The gallery is about the movement of people, goods and ideas across and around the Atlantic Ocean from the 17th century to the 19th century. The connections created by these movements changed the lives of people on three continents, profoundly affecting their cultures and societies and shaping the world we live in today.
Explore the connections between three cultures, spanning three centuries of exploration, trade, war, enslavement and resistance. Explore items from transatlantic slave trade including a rare and detailed daily logbook from the slave schooner Juverna, written by Master Robert Lewis, which includes observations on a classic Triangular Trade slaving expedition from England.
Atlantic Worlds also recounts the stories of some of the people involved in the resistance movement and the campaign for the abolition of the transatlantic slave trade – including Toussaint l’Ouverture, Olaudah Equiano and Samuel Sharp whose acts of resistance and rebellion were crucial to the turning of European public opinion against the trade.
Gallery highlights: resistance, rebellion, identity and culture
- Portrait of Toussaint l’Ouverture, ‘Chief of the French Rebels in St Domingo’.
- Akan gold weights in the shape of rifles and cannons.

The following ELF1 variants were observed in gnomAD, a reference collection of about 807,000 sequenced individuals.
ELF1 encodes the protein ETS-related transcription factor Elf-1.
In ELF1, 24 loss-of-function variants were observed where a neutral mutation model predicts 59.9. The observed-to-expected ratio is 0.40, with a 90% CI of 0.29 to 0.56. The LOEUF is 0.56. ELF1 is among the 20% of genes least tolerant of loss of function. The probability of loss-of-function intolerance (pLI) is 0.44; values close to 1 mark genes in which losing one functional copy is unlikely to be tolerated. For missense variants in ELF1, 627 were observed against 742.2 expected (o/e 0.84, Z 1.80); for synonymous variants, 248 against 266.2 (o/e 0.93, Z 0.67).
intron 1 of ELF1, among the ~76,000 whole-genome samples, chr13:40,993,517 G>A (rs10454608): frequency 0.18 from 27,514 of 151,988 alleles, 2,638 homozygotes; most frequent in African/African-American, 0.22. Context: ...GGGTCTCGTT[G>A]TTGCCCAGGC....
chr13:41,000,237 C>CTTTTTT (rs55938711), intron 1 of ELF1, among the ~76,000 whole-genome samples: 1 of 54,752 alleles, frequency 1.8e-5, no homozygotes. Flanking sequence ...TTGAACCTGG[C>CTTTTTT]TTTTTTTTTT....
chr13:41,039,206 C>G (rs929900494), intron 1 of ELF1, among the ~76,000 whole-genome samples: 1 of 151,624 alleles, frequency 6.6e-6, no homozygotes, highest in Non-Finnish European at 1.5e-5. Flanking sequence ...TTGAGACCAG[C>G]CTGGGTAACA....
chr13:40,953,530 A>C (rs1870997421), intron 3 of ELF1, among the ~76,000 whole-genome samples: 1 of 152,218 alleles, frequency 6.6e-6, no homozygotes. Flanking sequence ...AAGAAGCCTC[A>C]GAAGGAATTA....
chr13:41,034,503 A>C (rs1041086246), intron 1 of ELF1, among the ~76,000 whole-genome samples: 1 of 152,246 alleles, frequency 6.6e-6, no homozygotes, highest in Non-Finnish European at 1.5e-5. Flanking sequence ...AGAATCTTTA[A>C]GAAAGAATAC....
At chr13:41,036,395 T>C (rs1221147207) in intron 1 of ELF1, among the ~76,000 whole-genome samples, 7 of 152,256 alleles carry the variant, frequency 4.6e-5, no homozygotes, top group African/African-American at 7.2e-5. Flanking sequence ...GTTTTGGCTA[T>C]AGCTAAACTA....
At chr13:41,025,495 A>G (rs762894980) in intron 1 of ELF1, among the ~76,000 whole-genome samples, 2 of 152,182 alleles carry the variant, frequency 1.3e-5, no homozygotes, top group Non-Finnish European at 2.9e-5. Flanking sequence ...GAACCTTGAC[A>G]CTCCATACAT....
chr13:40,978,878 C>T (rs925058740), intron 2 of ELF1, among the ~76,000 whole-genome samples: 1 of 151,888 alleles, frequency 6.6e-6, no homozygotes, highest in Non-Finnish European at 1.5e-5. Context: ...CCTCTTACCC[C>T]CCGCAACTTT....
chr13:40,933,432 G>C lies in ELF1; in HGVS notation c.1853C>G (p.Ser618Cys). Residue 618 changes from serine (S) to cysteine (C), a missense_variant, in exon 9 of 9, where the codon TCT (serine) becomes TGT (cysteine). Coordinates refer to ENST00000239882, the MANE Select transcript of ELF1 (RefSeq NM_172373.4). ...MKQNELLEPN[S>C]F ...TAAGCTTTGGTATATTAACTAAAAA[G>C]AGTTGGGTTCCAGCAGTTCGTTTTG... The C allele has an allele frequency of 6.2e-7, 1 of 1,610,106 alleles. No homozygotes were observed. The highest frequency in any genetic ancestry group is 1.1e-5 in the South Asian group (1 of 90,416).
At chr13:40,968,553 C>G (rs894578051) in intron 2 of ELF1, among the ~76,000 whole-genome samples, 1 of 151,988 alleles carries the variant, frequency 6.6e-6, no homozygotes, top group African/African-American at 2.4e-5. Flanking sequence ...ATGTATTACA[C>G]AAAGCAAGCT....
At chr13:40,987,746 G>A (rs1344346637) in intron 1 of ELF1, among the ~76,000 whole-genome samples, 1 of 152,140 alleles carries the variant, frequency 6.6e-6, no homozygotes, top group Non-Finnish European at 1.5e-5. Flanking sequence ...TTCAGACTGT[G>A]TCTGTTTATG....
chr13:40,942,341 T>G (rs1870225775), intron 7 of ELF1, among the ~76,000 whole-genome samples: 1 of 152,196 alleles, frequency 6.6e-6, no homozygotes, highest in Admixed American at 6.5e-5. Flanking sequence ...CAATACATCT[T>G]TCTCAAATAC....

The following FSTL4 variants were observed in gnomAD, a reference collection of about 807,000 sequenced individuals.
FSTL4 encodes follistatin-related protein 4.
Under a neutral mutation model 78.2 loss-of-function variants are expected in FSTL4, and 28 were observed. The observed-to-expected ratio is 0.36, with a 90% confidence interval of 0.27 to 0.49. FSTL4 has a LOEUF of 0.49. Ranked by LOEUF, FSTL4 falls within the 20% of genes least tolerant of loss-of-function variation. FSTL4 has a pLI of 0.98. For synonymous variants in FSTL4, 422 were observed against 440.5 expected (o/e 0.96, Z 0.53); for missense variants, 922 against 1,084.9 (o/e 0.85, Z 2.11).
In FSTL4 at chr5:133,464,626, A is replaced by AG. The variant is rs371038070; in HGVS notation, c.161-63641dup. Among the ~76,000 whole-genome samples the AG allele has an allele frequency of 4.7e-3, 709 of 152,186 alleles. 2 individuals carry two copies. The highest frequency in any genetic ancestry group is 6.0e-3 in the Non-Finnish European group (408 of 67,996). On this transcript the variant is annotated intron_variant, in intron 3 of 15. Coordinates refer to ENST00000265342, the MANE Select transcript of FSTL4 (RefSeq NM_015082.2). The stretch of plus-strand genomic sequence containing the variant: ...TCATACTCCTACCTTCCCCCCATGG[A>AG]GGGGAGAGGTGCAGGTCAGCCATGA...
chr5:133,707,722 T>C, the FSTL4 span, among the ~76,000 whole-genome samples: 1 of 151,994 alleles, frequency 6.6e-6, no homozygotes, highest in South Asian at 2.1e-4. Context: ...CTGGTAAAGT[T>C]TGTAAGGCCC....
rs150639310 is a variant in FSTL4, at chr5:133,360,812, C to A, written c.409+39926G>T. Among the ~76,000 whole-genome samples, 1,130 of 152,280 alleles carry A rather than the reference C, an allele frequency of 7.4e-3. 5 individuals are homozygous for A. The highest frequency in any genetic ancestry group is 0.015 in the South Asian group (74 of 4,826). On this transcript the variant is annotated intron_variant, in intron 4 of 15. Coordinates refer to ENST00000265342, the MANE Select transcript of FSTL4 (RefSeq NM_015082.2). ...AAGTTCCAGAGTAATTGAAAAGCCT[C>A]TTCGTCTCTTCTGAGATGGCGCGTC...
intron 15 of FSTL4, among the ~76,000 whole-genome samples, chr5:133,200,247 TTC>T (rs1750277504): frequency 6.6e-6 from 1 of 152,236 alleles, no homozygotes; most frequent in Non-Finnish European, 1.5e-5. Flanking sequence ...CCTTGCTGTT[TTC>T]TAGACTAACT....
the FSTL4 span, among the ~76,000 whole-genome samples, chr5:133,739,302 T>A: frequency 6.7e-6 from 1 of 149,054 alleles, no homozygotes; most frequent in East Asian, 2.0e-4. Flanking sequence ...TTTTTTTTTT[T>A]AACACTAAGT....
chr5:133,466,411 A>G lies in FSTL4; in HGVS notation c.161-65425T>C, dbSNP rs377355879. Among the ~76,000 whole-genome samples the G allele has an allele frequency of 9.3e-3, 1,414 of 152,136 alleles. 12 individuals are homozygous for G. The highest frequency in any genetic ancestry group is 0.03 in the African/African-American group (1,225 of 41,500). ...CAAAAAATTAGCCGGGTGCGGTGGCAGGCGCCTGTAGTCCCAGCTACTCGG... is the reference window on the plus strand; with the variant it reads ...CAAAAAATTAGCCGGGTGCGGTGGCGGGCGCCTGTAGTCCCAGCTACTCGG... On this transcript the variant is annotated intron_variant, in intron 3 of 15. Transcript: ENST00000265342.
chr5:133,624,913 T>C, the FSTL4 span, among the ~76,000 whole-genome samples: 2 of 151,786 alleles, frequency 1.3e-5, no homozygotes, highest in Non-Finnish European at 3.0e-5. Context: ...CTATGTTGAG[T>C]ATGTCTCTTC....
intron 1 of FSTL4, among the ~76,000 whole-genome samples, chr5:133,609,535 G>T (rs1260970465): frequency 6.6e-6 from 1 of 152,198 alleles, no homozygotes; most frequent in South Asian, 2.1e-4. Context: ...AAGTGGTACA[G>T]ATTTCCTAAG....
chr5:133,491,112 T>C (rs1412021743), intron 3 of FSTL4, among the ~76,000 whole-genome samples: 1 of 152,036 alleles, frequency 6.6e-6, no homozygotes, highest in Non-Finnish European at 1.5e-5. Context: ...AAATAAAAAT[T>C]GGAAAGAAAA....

- Portrait of Olaudah Equiano, from his self-published book ‘The Interesting Narrative of the life of Olaudah Equiano, or Gustavus Vassa, the African’.
- A 19th-century wooden snuff box carved with representations of African life and a scene copied from a medal commemorating the abolition of the slave trade.
- Portrait of Ignatius Sancho from 'Letters of Ignatius Sancho, an African, to Which Are Prefixed Memoirs of His Life.'
- African Seaman's Testimonial engraved on a powder horn.
- Bust of Jean-Jacques Dessalines, first Emperor of Haiti (1804–06).
- Yombe funerary effigy, Congo, mid-18th century.
- York Election ticket, 1807, used to vote for William Wilberforce, inscribed ‘HUMANITY IS THE CAUSE OF THE PEOPLE'.
- Single-head drum, likely to have been obtained in expeditions against Nana Olomu in 1894 or during the Brass River expedition of 1895.